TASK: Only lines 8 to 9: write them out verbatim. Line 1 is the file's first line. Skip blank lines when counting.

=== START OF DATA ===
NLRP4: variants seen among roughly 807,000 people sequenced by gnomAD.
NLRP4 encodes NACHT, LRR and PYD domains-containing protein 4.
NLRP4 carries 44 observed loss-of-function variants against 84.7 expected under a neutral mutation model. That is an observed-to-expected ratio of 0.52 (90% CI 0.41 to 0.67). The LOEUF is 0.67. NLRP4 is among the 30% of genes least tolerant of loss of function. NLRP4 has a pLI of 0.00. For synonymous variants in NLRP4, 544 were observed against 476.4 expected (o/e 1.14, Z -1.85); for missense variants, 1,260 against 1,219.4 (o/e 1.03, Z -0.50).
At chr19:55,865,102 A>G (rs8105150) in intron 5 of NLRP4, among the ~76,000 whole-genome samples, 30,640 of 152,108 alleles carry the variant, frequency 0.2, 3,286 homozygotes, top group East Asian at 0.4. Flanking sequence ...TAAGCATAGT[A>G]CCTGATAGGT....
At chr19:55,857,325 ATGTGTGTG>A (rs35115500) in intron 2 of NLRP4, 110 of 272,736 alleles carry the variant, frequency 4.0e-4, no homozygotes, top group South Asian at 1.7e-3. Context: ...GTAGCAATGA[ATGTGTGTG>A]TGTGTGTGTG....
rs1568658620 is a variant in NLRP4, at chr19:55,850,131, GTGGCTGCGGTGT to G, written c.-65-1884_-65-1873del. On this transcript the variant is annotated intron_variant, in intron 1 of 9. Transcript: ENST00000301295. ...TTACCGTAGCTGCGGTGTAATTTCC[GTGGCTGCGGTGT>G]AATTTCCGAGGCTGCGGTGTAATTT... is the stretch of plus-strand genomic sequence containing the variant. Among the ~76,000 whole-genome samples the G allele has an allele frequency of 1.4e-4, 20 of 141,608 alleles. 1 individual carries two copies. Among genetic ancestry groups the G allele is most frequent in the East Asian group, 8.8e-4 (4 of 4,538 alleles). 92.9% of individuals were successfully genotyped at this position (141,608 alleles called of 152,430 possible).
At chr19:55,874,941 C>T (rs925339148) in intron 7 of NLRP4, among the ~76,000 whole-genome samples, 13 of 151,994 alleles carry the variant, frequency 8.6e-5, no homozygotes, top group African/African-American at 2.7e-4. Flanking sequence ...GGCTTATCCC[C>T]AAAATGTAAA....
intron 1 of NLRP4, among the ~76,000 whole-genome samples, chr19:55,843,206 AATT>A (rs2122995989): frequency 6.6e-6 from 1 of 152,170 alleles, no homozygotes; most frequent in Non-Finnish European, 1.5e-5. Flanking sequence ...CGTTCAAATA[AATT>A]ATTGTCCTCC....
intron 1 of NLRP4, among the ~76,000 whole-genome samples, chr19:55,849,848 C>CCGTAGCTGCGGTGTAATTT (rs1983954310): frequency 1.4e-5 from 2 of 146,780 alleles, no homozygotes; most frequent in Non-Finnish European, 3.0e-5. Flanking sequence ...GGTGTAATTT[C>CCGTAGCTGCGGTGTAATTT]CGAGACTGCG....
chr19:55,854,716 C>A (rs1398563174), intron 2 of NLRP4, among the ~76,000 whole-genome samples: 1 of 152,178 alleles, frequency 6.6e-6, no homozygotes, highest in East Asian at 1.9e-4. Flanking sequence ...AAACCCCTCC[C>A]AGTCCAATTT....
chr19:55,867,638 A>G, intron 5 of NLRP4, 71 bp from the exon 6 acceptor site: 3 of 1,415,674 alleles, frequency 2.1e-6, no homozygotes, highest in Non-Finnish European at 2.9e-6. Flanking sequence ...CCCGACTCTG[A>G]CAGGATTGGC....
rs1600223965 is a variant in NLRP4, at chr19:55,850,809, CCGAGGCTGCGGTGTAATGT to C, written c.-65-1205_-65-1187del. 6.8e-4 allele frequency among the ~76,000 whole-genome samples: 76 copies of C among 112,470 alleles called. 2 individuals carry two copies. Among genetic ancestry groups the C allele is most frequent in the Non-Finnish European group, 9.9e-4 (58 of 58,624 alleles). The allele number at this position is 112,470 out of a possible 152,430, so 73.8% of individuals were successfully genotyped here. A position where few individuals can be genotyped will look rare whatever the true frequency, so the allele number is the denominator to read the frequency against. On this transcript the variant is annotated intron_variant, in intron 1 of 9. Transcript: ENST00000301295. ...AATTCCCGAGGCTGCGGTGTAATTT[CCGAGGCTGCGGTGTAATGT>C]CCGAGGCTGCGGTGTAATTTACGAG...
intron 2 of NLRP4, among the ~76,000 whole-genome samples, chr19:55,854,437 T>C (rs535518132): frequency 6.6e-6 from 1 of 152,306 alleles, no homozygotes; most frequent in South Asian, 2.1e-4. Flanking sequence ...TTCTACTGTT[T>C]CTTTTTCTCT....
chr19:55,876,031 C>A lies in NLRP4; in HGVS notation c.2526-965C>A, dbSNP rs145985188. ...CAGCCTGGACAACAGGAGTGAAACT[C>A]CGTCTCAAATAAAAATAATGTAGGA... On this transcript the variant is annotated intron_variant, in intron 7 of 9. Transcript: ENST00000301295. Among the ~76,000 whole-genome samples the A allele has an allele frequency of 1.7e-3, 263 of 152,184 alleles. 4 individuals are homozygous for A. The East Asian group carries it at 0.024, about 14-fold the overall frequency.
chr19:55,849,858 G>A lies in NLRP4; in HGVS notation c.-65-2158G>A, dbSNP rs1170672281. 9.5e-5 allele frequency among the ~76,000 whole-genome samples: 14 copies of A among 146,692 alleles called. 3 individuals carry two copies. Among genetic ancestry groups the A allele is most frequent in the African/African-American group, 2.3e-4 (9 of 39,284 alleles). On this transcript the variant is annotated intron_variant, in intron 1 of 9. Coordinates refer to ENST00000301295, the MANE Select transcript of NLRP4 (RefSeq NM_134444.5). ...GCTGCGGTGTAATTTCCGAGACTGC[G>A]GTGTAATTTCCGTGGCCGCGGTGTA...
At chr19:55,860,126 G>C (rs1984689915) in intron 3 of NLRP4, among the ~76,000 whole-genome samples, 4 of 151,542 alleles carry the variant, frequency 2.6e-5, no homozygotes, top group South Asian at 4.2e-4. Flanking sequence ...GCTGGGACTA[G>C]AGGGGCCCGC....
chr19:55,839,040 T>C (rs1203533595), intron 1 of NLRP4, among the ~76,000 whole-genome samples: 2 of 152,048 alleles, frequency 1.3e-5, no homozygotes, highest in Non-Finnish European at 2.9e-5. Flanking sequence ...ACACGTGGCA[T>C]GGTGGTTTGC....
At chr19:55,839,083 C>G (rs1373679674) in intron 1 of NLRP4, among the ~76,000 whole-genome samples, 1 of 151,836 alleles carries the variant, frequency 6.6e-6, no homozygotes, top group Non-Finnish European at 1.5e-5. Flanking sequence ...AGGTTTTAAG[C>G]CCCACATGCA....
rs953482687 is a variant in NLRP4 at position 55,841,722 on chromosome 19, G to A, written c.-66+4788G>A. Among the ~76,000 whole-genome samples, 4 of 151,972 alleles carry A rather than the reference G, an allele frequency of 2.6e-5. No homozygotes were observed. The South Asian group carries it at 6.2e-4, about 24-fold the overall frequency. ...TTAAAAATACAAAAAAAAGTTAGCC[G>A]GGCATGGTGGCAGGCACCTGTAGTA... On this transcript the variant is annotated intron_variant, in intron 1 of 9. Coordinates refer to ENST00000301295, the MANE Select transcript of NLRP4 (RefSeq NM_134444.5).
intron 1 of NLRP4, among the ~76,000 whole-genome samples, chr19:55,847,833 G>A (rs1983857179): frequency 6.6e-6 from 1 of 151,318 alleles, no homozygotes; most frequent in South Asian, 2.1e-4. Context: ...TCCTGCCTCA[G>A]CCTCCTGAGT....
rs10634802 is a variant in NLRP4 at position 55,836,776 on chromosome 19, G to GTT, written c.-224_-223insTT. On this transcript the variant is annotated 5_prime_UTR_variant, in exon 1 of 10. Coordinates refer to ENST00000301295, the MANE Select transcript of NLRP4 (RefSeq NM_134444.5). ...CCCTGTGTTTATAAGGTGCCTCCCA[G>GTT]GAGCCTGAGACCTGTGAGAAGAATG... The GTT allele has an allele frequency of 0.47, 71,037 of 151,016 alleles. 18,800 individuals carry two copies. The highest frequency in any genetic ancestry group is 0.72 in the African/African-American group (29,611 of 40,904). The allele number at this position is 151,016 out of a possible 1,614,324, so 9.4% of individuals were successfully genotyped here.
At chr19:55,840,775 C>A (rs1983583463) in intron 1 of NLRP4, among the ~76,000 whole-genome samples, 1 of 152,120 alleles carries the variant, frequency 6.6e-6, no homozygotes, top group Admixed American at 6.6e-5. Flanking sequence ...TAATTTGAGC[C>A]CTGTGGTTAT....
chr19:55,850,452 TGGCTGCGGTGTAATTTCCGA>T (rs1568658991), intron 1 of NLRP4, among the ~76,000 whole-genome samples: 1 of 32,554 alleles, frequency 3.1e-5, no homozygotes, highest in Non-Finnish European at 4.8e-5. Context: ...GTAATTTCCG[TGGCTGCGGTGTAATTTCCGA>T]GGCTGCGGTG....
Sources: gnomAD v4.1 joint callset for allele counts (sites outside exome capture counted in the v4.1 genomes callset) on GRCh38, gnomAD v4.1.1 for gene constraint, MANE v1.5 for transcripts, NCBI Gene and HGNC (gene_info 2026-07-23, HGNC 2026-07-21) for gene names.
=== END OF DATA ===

intron 1 of NLRP4, among the ~76,000 whole-genome samples, chr19:55,843,206 AATT>A (rs2122995989): frequency 6.6e-6 from 1 of 152,170 alleles, no homozygotes; most frequent in Non-Finnish European, 1.5e-5. Flanking sequence ...CGTTCAAATA[AATT>A]ATTGTCCTCC....
intron 1 of NLRP4, among the ~76,000 whole-genome samples, chr19:55,849,848 C>CCGTAGCTGCGGTGTAATTT (rs1983954310): frequency 1.4e-5 from 2 of 146,780 alleles, no homozygotes; most frequent in Non-Finnish European, 3.0e-5. Flanking sequence ...GGTGTAATTT[C>CCGTAGCTGCGGTGTAATTT]CGAGACTGCG....